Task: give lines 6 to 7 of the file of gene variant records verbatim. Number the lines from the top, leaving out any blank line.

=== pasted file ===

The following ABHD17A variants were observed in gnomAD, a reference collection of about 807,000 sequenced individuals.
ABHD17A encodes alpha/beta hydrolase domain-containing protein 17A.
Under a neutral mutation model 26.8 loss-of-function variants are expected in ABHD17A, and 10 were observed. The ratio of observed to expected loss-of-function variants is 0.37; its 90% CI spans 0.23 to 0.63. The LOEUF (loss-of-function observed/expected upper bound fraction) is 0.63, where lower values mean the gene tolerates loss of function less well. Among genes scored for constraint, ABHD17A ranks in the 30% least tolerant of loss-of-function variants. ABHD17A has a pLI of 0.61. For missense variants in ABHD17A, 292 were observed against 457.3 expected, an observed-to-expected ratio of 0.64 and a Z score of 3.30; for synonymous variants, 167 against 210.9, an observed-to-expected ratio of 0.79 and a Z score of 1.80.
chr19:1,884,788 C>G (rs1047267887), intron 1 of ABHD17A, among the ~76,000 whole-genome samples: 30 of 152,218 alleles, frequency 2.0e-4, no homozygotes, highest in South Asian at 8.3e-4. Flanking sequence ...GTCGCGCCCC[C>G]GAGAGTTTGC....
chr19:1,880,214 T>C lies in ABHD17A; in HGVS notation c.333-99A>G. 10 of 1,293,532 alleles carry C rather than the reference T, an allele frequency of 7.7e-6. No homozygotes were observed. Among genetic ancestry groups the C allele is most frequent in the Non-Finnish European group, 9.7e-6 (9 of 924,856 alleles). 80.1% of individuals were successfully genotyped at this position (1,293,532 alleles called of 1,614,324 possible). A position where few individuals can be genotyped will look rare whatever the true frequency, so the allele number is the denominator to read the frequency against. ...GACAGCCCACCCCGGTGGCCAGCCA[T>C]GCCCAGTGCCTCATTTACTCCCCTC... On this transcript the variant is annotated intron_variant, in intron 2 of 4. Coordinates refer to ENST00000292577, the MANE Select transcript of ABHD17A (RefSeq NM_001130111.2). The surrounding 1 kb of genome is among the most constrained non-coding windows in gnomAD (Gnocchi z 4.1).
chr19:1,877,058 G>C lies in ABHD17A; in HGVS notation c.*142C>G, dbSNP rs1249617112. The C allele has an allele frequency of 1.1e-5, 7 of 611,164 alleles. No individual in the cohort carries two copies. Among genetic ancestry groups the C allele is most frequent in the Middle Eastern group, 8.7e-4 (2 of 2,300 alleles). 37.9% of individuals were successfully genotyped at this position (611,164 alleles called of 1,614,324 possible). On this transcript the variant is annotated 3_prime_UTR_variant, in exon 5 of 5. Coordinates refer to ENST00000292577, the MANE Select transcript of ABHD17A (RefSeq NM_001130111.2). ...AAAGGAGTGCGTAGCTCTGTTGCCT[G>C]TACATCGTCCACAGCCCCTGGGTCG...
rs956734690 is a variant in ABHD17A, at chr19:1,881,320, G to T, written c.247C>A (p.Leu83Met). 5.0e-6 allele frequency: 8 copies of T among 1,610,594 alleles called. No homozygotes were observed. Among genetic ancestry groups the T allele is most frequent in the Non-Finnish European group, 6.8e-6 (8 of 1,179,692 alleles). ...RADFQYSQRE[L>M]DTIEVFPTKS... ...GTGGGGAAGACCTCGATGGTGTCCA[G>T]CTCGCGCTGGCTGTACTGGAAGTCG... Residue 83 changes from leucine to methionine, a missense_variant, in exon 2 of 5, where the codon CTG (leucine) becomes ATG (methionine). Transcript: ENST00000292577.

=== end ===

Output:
chr19:1,877,058 G>C lies in ABHD17A; in HGVS notation c.*142C>G, dbSNP rs1249617112. The C allele has an allele frequency of 1.1e-5, 7 of 611,164 alleles. No individual in the cohort carries two copies. Among genetic ancestry groups the C allele is most frequent in the Middle Eastern group, 8.7e-4 (2 of 2,300 alleles). 37.9% of individuals were successfully genotyped at this position (611,164 alleles called of 1,614,324 possible). On this transcript the variant is annotated 3_prime_UTR_variant, in exon 5 of 5. Coordinates refer to ENST00000292577, the MANE Select transcript of ABHD17A (RefSeq NM_001130111.2). ...AAAGGAGTGCGTAGCTCTGTTGCCT[G>C]TACATCGTCCACAGCCCCTGGGTCG...
rs956734690 is a variant in ABHD17A, at chr19:1,881,320, G to T, written c.247C>A (p.Leu83Met). 5.0e-6 allele frequency: 8 copies of T among 1,610,594 alleles called. No homozygotes were observed. Among genetic ancestry groups the T allele is most frequent in the Non-Finnish European group, 6.8e-6 (8 of 1,179,692 alleles). ...RADFQYSQRE[L>M]DTIEVFPTKS... ...GTGGGGAAGACCTCGATGGTGTCCA[G>T]CTCGCGCTGGCTGTACTGGAAGTCG... Residue 83 changes from leucine to methionine, a missense_variant, in exon 2 of 5, where the codon CTG (leucine) becomes ATG (methionine). Transcript: ENST00000292577.